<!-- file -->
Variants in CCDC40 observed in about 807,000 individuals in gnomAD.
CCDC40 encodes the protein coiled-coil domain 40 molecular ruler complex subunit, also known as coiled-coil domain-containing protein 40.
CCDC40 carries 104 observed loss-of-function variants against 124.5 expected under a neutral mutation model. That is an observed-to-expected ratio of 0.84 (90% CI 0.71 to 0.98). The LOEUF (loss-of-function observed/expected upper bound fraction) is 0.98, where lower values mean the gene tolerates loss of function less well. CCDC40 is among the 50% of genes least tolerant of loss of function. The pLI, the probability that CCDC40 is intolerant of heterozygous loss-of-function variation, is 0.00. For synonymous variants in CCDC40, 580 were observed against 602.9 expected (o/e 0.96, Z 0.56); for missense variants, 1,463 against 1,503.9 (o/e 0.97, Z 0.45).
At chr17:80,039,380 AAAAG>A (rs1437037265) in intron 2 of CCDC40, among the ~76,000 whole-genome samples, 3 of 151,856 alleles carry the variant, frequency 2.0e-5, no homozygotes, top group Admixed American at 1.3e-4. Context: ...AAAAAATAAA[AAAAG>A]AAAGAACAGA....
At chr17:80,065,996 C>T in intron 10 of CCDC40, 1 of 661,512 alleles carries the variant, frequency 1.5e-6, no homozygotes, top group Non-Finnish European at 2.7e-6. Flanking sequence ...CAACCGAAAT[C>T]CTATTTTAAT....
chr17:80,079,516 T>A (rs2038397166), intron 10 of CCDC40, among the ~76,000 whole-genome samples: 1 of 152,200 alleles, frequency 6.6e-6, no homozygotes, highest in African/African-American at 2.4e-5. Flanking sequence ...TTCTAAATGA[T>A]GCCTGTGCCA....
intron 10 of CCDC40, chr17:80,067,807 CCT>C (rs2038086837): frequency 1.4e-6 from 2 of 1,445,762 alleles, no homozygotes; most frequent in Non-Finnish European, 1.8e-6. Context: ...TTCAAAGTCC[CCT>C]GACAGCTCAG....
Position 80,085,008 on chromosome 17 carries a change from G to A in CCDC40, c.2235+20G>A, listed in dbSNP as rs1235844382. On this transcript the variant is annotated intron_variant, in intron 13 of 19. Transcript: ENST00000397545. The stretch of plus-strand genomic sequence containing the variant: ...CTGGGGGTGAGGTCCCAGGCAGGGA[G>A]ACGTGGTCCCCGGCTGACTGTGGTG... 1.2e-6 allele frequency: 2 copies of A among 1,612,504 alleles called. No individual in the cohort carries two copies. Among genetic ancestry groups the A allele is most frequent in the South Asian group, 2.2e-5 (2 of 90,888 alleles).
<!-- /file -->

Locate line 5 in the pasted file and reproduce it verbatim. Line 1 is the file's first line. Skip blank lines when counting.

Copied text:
At chr17:80,065,996 C>T in intron 10 of CCDC40, 1 of 661,512 alleles carries the variant, frequency 1.5e-6, no homozygotes, top group Non-Finnish European at 2.7e-6. Flanking sequence ...CAACCGAAAT[C>T]CTATTTTAAT....